We read a story Friday from the Florida Sun Sentinel about how settlement checks from policyholders’ insurance companies for payment of damages caused by Hurricane Irma include language noting if the policyholders accept the checks, they release the insurance companies from any further obligations connected to the claims.
In December, the Florida state-run Citizens Property Insurance Corporation declared that rising labor and materials costs caused by the hurricane could result in higher repair costs than what were first calculated.
Apparently, the insurance companies don’t want to pay those possible additional costs. Checks being issued from Florida’s largest insurance company, Universal P&C, have a statement on the backs of them noting if the payee endorses the check, it “constitutes receipt and release in full settlement for the claim or item mentioned in the draft.”
And, according to the article, at least two victims of the hurricane received “release of property damage” notices with their checks from Gulfstream Property and Casualty Insurance Co., stating “does hereby … release, acquit and forever discharge” ‘the company and its officials’ “from any and all claims, actions, causes of actions, demands, rights, damages, costs, loss of service, expenses and compensation whatsoever” originating from the hurricane.
This is being done despite a section of the state of Florida insurance law that, according to the story, reads “an insurer, after paying ‘actual cash value’ for an insured loss minus any applicable deductible, ‘shall pay any remaining amounts necessary to perform such repairs as work is performed and expenses are incurred’.”
At least one Florida insurance company doesn’t send release language with its claims checks. “We wouldn’t treat people that way,” chairman and president Locke Burt of Security First Insurance is quoted in the story. Kudos to SFI.
Many victims of Hurricane Irma lost everything – from their homes to their personal belongings. Shame on the insurance companies that are attempting to intimidate policyholders because the companies don’t want to pay for possible additional expenses and repair costs.
On New Year’s Day, we were walking our dogs on the dike path by Ditch 6 between 30th and 38th avenues where we discovered numerous piles of dog poop.
Along the path, the city of Longview provides free bags for owners to use to pick up their pets’ excrement as well as garbage cans to dispose of the full bags.
With the supplies provided, there is no excuse for the irresponsibility and rudeness demonstrated by owners who don’t pick up after their pets. It is disgusting to see the heaps of waste and puts a damper on what should be an enjoyable time spent with our dogs.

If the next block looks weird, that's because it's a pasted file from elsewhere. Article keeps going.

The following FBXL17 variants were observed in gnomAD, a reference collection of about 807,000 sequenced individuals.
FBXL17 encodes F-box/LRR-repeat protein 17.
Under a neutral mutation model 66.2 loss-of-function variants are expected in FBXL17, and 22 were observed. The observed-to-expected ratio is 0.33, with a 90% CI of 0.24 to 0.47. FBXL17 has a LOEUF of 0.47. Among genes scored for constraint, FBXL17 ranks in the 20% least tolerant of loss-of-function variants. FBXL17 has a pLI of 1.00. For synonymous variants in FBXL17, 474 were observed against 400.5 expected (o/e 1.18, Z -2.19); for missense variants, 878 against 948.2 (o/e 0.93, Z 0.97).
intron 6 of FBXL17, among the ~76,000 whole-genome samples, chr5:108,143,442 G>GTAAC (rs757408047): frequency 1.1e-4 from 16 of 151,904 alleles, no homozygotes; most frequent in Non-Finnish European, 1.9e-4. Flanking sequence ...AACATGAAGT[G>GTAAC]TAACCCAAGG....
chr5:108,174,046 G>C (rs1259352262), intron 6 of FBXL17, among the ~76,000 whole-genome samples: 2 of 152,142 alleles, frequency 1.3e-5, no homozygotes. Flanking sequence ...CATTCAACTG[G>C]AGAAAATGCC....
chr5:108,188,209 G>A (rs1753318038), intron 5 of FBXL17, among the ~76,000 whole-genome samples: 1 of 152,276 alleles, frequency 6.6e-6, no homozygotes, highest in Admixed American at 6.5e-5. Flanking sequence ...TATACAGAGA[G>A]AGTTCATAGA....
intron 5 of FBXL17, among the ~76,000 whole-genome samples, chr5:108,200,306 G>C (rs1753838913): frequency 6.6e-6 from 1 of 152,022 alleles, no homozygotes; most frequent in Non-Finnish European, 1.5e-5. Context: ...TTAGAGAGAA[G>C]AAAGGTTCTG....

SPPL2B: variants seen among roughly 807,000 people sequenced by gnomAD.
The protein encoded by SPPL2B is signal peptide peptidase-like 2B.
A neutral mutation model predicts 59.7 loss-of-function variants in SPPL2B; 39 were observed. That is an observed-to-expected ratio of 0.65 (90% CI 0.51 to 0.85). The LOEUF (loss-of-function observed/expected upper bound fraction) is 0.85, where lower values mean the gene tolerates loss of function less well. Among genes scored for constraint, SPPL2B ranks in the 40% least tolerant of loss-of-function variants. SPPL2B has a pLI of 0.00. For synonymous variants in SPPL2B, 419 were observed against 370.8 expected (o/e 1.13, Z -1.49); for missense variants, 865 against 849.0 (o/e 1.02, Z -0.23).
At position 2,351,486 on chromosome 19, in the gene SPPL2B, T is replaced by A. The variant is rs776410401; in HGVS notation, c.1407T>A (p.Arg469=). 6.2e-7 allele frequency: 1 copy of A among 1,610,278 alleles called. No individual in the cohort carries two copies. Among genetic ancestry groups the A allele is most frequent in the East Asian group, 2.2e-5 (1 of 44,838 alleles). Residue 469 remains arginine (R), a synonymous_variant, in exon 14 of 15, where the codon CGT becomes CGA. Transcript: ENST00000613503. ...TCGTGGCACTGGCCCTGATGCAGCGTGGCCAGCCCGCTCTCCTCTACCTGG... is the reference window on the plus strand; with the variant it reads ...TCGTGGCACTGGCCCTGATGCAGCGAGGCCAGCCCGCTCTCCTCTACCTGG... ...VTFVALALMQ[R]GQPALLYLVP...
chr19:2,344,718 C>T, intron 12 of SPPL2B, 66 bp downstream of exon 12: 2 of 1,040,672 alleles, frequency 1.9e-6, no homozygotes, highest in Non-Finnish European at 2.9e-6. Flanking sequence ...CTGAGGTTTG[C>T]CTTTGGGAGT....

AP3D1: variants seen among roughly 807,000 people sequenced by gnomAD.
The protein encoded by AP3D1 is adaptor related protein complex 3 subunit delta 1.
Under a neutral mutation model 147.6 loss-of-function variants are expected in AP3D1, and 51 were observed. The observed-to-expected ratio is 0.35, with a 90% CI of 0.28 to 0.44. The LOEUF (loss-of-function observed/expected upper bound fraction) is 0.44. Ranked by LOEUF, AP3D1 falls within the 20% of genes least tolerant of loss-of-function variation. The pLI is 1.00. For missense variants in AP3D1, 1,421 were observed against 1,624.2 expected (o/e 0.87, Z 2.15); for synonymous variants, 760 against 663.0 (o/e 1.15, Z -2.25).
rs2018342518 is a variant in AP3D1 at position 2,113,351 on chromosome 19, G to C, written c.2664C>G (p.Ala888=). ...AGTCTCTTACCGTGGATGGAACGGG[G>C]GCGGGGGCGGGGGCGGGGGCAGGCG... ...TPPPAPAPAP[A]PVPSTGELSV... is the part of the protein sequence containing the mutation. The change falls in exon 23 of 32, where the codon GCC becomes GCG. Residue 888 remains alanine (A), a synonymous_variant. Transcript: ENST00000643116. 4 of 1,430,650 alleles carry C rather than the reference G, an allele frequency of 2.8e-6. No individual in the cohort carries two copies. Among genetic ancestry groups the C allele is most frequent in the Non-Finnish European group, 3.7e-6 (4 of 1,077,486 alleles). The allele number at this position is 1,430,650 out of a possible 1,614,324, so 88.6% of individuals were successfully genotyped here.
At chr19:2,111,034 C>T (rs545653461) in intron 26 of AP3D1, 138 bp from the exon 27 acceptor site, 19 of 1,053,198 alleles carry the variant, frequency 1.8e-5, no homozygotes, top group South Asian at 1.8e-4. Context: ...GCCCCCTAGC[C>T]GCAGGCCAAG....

As American journalist and non-fiction writer John Grogan wrote in his best-selling memoir, “Marley & Me,” “There’s no such thing as a bad dog, just a bad owner.”
To the “bad” owners, pick up after your pets.
Badly done, Kalama
In Wednesday’s newspaper, we learned from a story by reporter Zack Hale that outgoing Kalama mayor Pete Poulsen eliminated Molly Ciancibelli’s position at the Kalama Public Library – a position the 73-year-old has held for three decades.
Poulsen’s decision, which was backed by members of the Kalama City Council goes against “a public show of support for library employees at a contentious” meeting in November, Hale wrote.
And former library board member Carol Eby told Hale that Poulsen’s move was a “blatant act of political retribution” and strikes her as “an abuse of office.”
Despite the apparent drama taking place in Kalama, what we consider unprofessional and inappropriate is how Poulsen handled notifying Ciancibelli of her termination. Poulsen asked – or told – Kalama Police Chief Ralph Herrera to deliver a sealed letter to Ciancibelli at her home. Poulsen should have had the fortitude to convey the notification face to face.
In Jane Austen’s words from her novel, “Emma,” “It was badly done, indeed!”
And, speaking of Jane Austen, this month is the anniversary of one of our favorite author’s most popular and beloved novels, “Pride and Prejudice.” The book, set in the early 1800s, is about a young lady in a family of mostly women who learns the pitfalls of prejudice and the importance of having moral character.
The theme in the novel, as in all of Austen’s works, is the need for individuals to possess strong and stable moral qualities.
As we learned in high school literature class, upbringing and environment play an important part on young people’s moral character.
In short, it seems Austen, in her writings from more than 200 years ago, believes as we do today – what we teach our children has a major effect on their behavior and character as they grow up.